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robert.snell1@ntlworld.com

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JACK CABBAGE (aka Stephen Strong)

How he got his name is a matter of conjecture, along with reference to him as “Iron Arm Cabbage”, but he was born c.1798 in Hanham, now part of Bristol. Cabbage weighing around 11 stone, apparently didn’t take training too seriously, preferring drinking and womanizing. Never to make the really big time as a top pugilist, he was known as a very useful provincial fighter who went in with some other well known and reputable fighters.

He probably had several local fights or turn-ups early on in his career against little known men such as Manby (a baker) and Roberts where Cabbage was victorious in both, before his first fight of note against Tom Hall of Birmingham in October 1817 at Dundry, Bristol, winning in 21 rounds for a 10 guinea purse. After this victory he was later involved in a fight, possibly a turn up with a man called Broad on Durdham Downs, just outside Bristol, which Cabbage won in 20 minutes and then with a man recorded only as the “Rough Jockey” with Cabbage victorious in 50 minutes. With victory in 14 rounds over the useful Abraham Newton at Marsh Fields, near Bristol in Sept. 1818 for a purse of 100 guineas the Bristol and London Fancy began to take notice of this provincial fighter.

For 100 guineas at Farnham Royal, Bucks in March 1820 he was next pitched in against the experienced and top rated Jack Martin (Master of the Rolls), who had been in with, although losing to, Ned Turner and Jack Randall. After a bruising 75 rounds the badly beaten Jack Cabbage had to finally submit to Jack Martin who was the better man throughout and where Cabbage was out cold for 15 minutes after the fight. When visiting the Bath Races in July of 1820 Jack Cabbage got involved in a turn up with Clayter, known as "the Hero of Bath" and in a tremendous fight with Clayter who was knocked down many times, Cabbage finally subdued him after 20 minutes. A return fight with Albert Newton in the Summer of 1820 at Saltford, between Bristol and Bath, saw a reverse in fortune for Cabbage when Newton beat him. Jack Cabbage’s next opponent and another fighter who had fought and lost to the great Jack Randall, was the experienced Joe Parish at Moulsey Hurst, Surrey in August 1822, where Cabbage obliterated Parish in just 8 rounds lasting about the same in minutes for 25 guineas.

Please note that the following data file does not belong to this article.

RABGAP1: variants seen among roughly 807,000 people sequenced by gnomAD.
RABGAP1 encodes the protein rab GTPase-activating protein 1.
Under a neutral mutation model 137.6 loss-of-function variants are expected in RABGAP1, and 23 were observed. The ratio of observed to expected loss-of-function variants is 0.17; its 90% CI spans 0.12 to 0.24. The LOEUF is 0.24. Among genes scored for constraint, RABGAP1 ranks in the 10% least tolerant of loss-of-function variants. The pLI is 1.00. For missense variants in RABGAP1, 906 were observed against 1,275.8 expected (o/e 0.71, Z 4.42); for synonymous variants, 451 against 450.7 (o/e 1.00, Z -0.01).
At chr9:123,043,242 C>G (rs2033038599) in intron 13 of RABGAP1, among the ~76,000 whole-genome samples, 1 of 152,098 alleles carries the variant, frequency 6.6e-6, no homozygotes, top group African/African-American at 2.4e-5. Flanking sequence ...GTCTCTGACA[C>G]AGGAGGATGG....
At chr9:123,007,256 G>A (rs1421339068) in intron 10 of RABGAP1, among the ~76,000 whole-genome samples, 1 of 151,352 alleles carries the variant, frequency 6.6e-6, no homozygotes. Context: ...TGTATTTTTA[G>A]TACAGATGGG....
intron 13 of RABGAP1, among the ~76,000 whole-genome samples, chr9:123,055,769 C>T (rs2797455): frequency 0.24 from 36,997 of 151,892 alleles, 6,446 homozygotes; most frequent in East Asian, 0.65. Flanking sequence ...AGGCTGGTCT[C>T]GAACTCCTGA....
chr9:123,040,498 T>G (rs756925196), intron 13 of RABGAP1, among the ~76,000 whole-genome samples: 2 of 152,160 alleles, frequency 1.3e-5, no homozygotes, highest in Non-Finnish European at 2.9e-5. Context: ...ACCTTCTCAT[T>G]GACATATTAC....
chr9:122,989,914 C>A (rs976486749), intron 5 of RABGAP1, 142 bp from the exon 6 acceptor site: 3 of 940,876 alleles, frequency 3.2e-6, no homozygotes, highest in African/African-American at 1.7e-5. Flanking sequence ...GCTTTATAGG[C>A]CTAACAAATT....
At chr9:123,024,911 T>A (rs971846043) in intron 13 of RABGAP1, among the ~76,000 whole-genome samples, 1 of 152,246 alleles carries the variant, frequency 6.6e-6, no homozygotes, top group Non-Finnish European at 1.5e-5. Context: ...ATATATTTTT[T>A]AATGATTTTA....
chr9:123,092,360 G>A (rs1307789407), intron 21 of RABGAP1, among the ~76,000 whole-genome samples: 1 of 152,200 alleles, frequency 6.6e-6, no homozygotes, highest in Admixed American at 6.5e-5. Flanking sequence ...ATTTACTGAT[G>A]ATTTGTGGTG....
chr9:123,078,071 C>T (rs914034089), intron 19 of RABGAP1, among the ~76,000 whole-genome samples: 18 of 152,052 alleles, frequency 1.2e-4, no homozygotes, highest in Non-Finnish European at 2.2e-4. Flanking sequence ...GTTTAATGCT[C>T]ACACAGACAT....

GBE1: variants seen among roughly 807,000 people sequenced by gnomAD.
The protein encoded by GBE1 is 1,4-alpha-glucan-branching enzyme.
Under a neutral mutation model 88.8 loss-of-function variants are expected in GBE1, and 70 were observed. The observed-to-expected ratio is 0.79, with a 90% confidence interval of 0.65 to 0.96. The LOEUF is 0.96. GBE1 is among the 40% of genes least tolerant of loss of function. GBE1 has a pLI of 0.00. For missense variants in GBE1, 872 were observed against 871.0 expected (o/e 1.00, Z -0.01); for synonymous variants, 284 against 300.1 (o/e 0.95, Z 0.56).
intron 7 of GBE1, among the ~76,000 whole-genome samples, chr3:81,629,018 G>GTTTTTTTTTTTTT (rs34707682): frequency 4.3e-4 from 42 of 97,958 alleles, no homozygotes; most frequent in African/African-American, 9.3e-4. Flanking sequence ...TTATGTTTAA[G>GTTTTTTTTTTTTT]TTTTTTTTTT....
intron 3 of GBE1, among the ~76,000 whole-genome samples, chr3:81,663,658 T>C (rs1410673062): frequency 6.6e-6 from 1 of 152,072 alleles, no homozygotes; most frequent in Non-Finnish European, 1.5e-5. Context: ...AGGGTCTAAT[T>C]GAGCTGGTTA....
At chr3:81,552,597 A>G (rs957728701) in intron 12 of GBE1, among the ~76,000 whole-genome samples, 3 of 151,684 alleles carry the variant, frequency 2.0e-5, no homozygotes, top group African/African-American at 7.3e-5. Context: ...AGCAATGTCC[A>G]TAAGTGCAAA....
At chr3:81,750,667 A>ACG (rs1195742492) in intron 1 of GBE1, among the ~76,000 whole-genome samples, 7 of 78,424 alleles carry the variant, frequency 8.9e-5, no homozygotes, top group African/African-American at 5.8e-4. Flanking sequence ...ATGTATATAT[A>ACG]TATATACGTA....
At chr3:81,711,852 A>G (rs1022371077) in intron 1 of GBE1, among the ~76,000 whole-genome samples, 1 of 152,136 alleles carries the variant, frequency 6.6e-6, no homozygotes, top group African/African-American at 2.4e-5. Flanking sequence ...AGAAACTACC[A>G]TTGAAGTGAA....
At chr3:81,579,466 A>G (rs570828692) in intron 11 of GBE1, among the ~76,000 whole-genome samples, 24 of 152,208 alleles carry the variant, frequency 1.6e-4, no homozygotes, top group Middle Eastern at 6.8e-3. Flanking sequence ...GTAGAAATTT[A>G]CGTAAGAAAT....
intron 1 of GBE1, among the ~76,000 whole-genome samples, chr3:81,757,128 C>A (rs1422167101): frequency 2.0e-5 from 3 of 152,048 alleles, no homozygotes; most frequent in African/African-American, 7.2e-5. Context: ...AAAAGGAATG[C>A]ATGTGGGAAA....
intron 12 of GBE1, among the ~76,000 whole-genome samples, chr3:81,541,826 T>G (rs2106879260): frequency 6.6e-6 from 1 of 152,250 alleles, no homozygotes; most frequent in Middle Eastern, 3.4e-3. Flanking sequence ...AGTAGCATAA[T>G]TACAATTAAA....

When March 1823 arrived he came up against the tough as teak “Gypsy” Jack Cooper, another experienced fighter, who had beaten Jack Scroggins the previous year, Jack Cabbage was by now showing heavy signs of warfare and suffering from either bad eyesight in one of his eyes or completely blind in it. They met at Twickenham Common, London where Cooper proved too much for the Bristolian, winning in 51 rounds for a purse of 50 sovereigns and again in a return fight at Yate Common, Bristol he lost again to the gypsy in 26 rounds. He then faced another gypsy, an Irish tinker called Tom Banks at Iron Acton, near Bristol for 10 sovereigns a side, in July 1823 and in a long, tough fight finally got the gypsy to give in after 28 rounds. Scant records believe he fought Jem Bailey a fellow Bristolian, some say 1822, others say May 1824 at Batley which is in Yorkshire, a distant venue for two Bristolians. It's a possibility it could have been held at Batley Court in Bristol or near it, but wherever the fight was held, the police apparently broke it up after 57 minutes.

On July 22nd 1824 Jack Cabbage who had been knocking back the gin or “daffy” as it was known, on the previous day, was found drowned either by suicide or accident with the coroners verdict being “lunacy”, possibly a verdict for either being punch drunk due to the nature of his career, or perhaps depression, who knows?